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 Infection Control for VHFs in the African Health Care Setting
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"Infection Control for Viral Haemorrhagic Fevers
In the African Health Care Setting"

Annexes 13-16

Annex 13 Community Education Materials Go to top of page

Examples of posters used to provide information to family members of Ebola patients. Kikwit, 1995.

Avoid contact with body fluids

Avoid contact with patient's blood, urine and vomit.

Do not touch dead bodies

Do not touch or wash the bodies of deceased patients.

Burn used needles

Burn needles and syringes immediately after use.

Use gloves to handle clothing

Use gloves to handle the patient's clothing. Boil soiled clothing before washing it.


Examples of posters or teaching aids for viral haemorrhagic fevers

Wash spills with bleach solution

-Protect yourself.
-Never touch urine, blood, vomit from a patient with fever.
-Wash spills with bleach solution or soap and water.

Use barrier nursing

To prevent transmission of Lassa fever, wear a gown, gloves and mask.

Wash hands

Wash your hands if you take care of a patient with fever.

Lassa fever symptoms

In addition to fever, Lassa fever patient may have: sore throat, back pain, cough, headache, red eyes, vomiting, or chest pain.

Keep food covered

To prevent Lassa fever, keep your food and water covered.

Avoid rodents

There is no injection or vaccine to prevent Lassa fever. To prevent Lassa fever, we must prevent its spread by rats.

You can get Lassa from dead rats

You can get Lassa fever by touching, playing with or cutting up a rat's dead body.

Annex 14 Conducting In-Service Training for VHF Isolation Precautions Go to top of page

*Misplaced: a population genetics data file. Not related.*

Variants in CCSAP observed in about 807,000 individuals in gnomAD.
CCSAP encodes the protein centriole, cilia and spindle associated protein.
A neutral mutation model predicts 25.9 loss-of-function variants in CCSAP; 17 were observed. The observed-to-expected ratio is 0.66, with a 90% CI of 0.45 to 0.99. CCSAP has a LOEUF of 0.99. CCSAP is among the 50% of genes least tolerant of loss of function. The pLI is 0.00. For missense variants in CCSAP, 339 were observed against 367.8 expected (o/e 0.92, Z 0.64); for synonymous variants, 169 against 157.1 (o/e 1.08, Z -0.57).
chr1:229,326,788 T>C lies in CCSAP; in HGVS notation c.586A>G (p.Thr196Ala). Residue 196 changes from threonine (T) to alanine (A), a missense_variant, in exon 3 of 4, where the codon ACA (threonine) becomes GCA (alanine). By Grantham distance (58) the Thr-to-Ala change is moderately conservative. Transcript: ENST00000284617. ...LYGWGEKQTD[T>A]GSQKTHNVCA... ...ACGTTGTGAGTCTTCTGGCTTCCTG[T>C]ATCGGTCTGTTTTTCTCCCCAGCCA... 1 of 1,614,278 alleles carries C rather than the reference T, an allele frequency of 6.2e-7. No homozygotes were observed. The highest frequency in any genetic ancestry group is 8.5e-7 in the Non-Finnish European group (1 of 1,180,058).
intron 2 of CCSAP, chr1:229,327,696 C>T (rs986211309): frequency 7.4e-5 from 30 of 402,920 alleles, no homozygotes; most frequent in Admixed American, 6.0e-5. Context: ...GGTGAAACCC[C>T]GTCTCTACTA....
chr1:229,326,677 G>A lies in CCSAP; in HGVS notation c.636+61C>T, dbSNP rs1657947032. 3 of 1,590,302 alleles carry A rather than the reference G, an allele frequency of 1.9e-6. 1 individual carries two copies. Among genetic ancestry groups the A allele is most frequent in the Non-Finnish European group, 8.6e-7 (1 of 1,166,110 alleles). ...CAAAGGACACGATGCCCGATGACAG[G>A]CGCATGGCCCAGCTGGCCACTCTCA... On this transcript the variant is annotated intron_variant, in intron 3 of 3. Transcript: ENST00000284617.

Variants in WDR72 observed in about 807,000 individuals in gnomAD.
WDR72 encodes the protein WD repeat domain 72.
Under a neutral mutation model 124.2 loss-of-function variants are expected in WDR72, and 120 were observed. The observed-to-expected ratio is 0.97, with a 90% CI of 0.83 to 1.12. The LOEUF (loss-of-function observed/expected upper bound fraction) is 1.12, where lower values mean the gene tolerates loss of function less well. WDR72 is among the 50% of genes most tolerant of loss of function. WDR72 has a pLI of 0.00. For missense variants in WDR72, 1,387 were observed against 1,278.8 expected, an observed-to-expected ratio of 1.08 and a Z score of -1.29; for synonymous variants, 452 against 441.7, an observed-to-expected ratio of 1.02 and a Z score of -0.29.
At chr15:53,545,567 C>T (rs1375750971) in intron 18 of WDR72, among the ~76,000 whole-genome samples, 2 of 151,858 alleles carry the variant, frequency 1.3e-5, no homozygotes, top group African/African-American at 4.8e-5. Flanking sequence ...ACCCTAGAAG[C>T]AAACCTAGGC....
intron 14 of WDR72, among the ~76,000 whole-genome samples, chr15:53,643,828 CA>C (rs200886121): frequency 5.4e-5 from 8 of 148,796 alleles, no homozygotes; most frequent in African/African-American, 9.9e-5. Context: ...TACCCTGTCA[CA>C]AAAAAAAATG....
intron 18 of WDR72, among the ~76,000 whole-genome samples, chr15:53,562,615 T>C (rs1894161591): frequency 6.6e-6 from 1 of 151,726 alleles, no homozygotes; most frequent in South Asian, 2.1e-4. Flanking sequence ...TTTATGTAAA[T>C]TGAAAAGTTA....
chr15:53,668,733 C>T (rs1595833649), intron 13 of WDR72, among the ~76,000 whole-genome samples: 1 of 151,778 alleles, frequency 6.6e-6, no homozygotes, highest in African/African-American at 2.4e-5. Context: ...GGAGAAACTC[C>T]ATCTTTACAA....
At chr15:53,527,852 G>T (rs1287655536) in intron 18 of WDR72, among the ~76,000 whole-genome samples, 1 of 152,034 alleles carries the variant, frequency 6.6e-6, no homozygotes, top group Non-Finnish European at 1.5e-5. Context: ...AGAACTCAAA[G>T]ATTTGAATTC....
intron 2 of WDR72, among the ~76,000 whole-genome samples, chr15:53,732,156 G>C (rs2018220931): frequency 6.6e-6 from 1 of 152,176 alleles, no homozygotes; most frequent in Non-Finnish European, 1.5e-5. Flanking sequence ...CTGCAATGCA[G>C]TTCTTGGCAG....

In-service training for VHF Isolation Precautions should be ongoing. Provide training about VHF Isolation Precautions during supervisory visits, staff meetings or conferences. Also use other channels such as newsletters, bulletins and job-aids to provide health facility staff with information and reinforce the use of VHF Isolation Precautions.

Training in skills is most effective if health staff receive information, see examples, and have an opportunity to practice the skills they are learning. Make sure that training sessions for each topic include relevant examples and opportunities for meaningful practice.

Conduct training sessions in small groups with each category of health worker.

  • Present information with charts, pictures, posters or information written on a flipchart or chalkboard. Use drawings from this manual to illustrate the topic you are presenting.

  • Give examples of the skills you would like the health staff to use. For example, demonstrate the steps for handwashing as you explain aloud what you are doing.

  • Provide the materials and supplies that health staff need to practice the skill. For example, provide two buckets of clean water, soap and clean, one-use towels. Ask health workers one at a time to practice washing their hands. Ask for feedback from the rest of the group about what was done well and where improvement is needed.

  • Provide feedback to the health staff and answer questions. Conclude the training by summarizing the steps presented in the session. Provide a job-aid or handout to tape on a wall to remind health facility staff about the skills they learned in the session.

  • Routinely monitor supplies and equipment to make sure that the supplies for doing the desired skill are available. During supervisory visits, be sure to acknowledge when you see health staff using the skills well. When problems occur, find out what has caused them, and take steps to solve them so that health staff can continue to use the practices consistently.

The following is a sample agenda for in-service training. It describes how to include topics about VHF Isolation Precautions during monthly staff meetings. Adapt it to the schedule for your health facility.

Month VHF Isolation Precautions Topic
January 1. Disease Transmission in the Health Care Setting
2. Identifying Viral Haemorrhagic Fevers: When to Suspect a VHF
3. General Information about Standard Precautions
4. Handwashing
1. Recommended Protective Clothing for VHF
2. Practice Putting On and Taking Off Protective Clothing
March 1. Preparing Disinfectants
2. Using Disinfectants
April 1. Selecting Disposal Sites and Planning Security Barriers
2. Building an Incinerator